I’m quite pleased with the upgrade. More than anything, I wanted better low-light performance out of my new camera, and the Canon 6D easily meets that requirement. I can take photographs around my office for the blog without turning on all my lights. My old Rebel XSi topped out at ISO 1600, and it was fairly noisy up that high.

The Canon EOS 6D has similar noise levels until around ISO 6400, and I can still push it to ISO 12800 in a pinch. Most of the time, Darktable’s profiled denoise function does a satisfactory job at ISO 12800 on my Canon 6D. I’ve only taken test shots at ISO 25600. It gets really noisy up there, and I haven’t yet found a need to push it that far in the real world.

Canon 450D at ISO 800 Canon 450D at ISO 1600 Canon 60D at ISO 800 Canon 60D at ISO 1600 Canon 60D at ISO 3200 Canon 60D at ISO 6400 Canon 6D at ISO 1600 Canon 6D at ISO 3200 Canon 6D at ISO 6400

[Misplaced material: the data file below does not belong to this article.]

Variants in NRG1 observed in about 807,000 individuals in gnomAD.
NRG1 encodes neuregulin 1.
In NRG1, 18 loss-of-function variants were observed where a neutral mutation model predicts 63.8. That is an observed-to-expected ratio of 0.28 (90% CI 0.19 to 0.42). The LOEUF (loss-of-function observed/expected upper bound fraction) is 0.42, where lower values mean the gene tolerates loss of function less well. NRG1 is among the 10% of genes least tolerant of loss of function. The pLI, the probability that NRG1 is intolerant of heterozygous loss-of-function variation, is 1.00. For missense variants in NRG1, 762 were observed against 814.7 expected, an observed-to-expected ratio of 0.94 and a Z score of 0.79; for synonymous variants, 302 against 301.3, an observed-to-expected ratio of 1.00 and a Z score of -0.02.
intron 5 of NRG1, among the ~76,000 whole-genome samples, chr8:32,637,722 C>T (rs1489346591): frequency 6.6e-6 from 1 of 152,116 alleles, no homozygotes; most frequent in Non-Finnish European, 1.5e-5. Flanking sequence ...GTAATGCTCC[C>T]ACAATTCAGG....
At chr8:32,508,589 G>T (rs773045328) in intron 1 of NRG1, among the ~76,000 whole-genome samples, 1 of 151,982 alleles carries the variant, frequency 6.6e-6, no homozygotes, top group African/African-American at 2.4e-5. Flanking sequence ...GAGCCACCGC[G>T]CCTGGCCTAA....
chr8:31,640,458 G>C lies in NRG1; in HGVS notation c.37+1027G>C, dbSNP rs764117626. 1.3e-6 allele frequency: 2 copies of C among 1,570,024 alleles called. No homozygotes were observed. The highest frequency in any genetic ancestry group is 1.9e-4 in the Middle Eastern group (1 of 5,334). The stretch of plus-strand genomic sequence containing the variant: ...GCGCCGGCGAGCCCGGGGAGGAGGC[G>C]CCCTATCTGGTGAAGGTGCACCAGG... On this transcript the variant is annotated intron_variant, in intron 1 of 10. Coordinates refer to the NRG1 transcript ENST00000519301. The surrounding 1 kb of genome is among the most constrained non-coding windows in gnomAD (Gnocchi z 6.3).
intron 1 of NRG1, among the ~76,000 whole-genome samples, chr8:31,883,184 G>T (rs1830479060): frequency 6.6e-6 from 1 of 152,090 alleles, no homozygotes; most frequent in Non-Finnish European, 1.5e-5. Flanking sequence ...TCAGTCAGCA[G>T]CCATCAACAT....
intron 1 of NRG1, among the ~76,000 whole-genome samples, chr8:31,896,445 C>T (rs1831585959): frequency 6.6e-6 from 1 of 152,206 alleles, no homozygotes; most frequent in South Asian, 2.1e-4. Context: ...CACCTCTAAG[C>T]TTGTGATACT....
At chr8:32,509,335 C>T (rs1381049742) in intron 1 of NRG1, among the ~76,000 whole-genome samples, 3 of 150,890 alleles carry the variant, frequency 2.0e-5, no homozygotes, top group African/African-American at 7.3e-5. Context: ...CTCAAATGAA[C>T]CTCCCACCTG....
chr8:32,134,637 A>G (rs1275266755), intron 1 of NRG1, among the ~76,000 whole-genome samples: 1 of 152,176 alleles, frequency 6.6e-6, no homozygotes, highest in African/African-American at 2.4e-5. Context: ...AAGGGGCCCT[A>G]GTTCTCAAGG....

If you enjoy taking shots with a shallow depth of field, you’ll love a full-frame camera. The first test shots I took at my desk with my Tamron 28-75mm f/2.8 had a shallower depth of field than I ever saw on my crop-sensor Rebel XSi—even with my Canon 50mm f/1.8 or Yongnuo 35mm f/2 prime lenses! In fact, it is almost a struggle to get a deep enough depth of field when I shoot something that’s sitting on my desk—I’m often pushing it to F/8 or more!

My Canon 6D body cost almost three times as much as my wife’s used Canon 60D. They’re both fantastic cameras, and the 60D would have been a huge upgrade for me. I’ve only shot with my wife’s camera a few times, but I feel that I made the right decision.

Some of the things I prefer about the Canon 6D are minor. Even though the Canon 60D also has the professional-style layout, I think the controls feel better and more comfortable on my 6D.